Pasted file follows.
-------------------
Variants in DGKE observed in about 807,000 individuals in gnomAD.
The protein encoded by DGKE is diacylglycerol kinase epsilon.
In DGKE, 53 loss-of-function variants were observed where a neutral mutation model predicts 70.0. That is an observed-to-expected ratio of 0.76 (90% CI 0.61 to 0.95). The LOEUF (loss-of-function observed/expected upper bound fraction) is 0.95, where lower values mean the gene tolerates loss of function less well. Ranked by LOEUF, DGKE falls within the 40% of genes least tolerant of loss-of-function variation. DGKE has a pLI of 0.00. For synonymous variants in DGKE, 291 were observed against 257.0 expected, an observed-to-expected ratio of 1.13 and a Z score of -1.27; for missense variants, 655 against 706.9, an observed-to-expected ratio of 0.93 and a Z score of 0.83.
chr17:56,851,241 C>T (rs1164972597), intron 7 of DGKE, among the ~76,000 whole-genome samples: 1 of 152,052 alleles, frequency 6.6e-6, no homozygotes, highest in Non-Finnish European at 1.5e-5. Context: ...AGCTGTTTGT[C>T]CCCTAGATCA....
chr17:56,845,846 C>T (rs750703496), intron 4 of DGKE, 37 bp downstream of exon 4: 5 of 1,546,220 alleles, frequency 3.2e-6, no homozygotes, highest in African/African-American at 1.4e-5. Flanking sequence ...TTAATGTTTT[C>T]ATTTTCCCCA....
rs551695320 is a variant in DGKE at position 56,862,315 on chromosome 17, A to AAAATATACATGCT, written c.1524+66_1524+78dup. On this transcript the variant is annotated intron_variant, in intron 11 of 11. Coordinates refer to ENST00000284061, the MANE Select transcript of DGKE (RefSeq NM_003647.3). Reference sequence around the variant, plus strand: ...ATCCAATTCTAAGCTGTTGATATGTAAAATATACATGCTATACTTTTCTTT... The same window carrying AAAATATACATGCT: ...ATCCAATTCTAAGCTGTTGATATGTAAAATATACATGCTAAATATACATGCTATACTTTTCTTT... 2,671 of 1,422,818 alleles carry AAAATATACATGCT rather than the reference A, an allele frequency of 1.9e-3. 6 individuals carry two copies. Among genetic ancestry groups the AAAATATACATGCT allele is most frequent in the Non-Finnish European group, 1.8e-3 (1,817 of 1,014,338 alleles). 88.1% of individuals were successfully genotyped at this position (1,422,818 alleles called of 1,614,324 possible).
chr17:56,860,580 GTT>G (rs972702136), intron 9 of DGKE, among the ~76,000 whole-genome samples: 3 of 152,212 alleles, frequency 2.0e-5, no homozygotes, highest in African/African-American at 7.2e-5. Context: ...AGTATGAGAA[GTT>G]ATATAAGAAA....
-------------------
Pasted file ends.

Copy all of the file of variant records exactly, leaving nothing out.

Variants in DGKE observed in about 807,000 individuals in gnomAD.
The protein encoded by DGKE is diacylglycerol kinase epsilon.
In DGKE, 53 loss-of-function variants were observed where a neutral mutation model predicts 70.0. That is an observed-to-expected ratio of 0.76 (90% CI 0.61 to 0.95). The LOEUF (loss-of-function observed/expected upper bound fraction) is 0.95, where lower values mean the gene tolerates loss of function less well. Ranked by LOEUF, DGKE falls within the 40% of genes least tolerant of loss-of-function variation. DGKE has a pLI of 0.00. For synonymous variants in DGKE, 291 were observed against 257.0 expected, an observed-to-expected ratio of 1.13 and a Z score of -1.27; for missense variants, 655 against 706.9, an observed-to-expected ratio of 0.93 and a Z score of 0.83.
chr17:56,851,241 C>T (rs1164972597), intron 7 of DGKE, among the ~76,000 whole-genome samples: 1 of 152,052 alleles, frequency 6.6e-6, no homozygotes, highest in Non-Finnish European at 1.5e-5. Context: ...AGCTGTTTGT[C>T]CCCTAGATCA....
chr17:56,845,846 C>T (rs750703496), intron 4 of DGKE, 37 bp downstream of exon 4: 5 of 1,546,220 alleles, frequency 3.2e-6, no homozygotes, highest in African/African-American at 1.4e-5. Flanking sequence ...TTAATGTTTT[C>T]ATTTTCCCCA....
rs551695320 is a variant in DGKE at position 56,862,315 on chromosome 17, A to AAAATATACATGCT, written c.1524+66_1524+78dup. On this transcript the variant is annotated intron_variant, in intron 11 of 11. Coordinates refer to ENST00000284061, the MANE Select transcript of DGKE (RefSeq NM_003647.3). Reference sequence around the variant, plus strand: ...ATCCAATTCTAAGCTGTTGATATGTAAAATATACATGCTATACTTTTCTTT... The same window carrying AAAATATACATGCT: ...ATCCAATTCTAAGCTGTTGATATGTAAAATATACATGCTAAATATACATGCTATACTTTTCTTT... 2,671 of 1,422,818 alleles carry AAAATATACATGCT rather than the reference A, an allele frequency of 1.9e-3. 6 individuals carry two copies. Among genetic ancestry groups the AAAATATACATGCT allele is most frequent in the Non-Finnish European group, 1.8e-3 (1,817 of 1,014,338 alleles). 88.1% of individuals were successfully genotyped at this position (1,422,818 alleles called of 1,614,324 possible).
chr17:56,860,580 GTT>G (rs972702136), intron 9 of DGKE, among the ~76,000 whole-genome samples: 3 of 152,212 alleles, frequency 2.0e-5, no homozygotes, highest in African/African-American at 7.2e-5. Context: ...AGTATGAGAA[GTT>G]ATATAAGAAA....